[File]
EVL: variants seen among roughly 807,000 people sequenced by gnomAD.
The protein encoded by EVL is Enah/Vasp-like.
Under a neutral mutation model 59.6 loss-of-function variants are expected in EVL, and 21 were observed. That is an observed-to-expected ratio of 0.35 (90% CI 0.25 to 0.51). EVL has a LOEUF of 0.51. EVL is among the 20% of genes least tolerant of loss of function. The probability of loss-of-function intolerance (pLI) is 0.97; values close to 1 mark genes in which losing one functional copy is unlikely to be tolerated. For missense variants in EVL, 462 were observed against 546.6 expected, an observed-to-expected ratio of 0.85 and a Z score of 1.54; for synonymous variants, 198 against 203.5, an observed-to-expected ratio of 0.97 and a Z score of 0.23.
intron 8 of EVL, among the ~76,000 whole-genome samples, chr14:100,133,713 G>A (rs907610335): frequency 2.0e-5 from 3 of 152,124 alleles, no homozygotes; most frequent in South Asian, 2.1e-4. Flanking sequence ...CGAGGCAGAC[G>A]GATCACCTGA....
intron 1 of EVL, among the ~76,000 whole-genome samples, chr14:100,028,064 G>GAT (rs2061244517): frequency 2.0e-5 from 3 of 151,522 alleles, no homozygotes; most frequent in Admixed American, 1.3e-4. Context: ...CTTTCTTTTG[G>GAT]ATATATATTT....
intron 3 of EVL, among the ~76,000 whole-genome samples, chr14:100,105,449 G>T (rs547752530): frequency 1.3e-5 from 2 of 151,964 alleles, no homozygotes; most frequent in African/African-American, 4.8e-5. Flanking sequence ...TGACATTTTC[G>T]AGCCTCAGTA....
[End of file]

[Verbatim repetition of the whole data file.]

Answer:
EVL: variants seen among roughly 807,000 people sequenced by gnomAD.
The protein encoded by EVL is Enah/Vasp-like.
Under a neutral mutation model 59.6 loss-of-function variants are expected in EVL, and 21 were observed. That is an observed-to-expected ratio of 0.35 (90% CI 0.25 to 0.51). EVL has a LOEUF of 0.51. EVL is among the 20% of genes least tolerant of loss of function. The probability of loss-of-function intolerance (pLI) is 0.97; values close to 1 mark genes in which losing one functional copy is unlikely to be tolerated. For missense variants in EVL, 462 were observed against 546.6 expected, an observed-to-expected ratio of 0.85 and a Z score of 1.54; for synonymous variants, 198 against 203.5, an observed-to-expected ratio of 0.97 and a Z score of 0.23.
intron 8 of EVL, among the ~76,000 whole-genome samples, chr14:100,133,713 G>A (rs907610335): frequency 2.0e-5 from 3 of 152,124 alleles, no homozygotes; most frequent in South Asian, 2.1e-4. Flanking sequence ...CGAGGCAGAC[G>A]GATCACCTGA....
intron 1 of EVL, among the ~76,000 whole-genome samples, chr14:100,028,064 G>GAT (rs2061244517): frequency 2.0e-5 from 3 of 151,522 alleles, no homozygotes; most frequent in Admixed American, 1.3e-4. Context: ...CTTTCTTTTG[G>GAT]ATATATATTT....
intron 3 of EVL, among the ~76,000 whole-genome samples, chr14:100,105,449 G>T (rs547752530): frequency 1.3e-5 from 2 of 151,964 alleles, no homozygotes; most frequent in African/African-American, 4.8e-5. Flanking sequence ...TGACATTTTC[G>T]AGCCTCAGTA....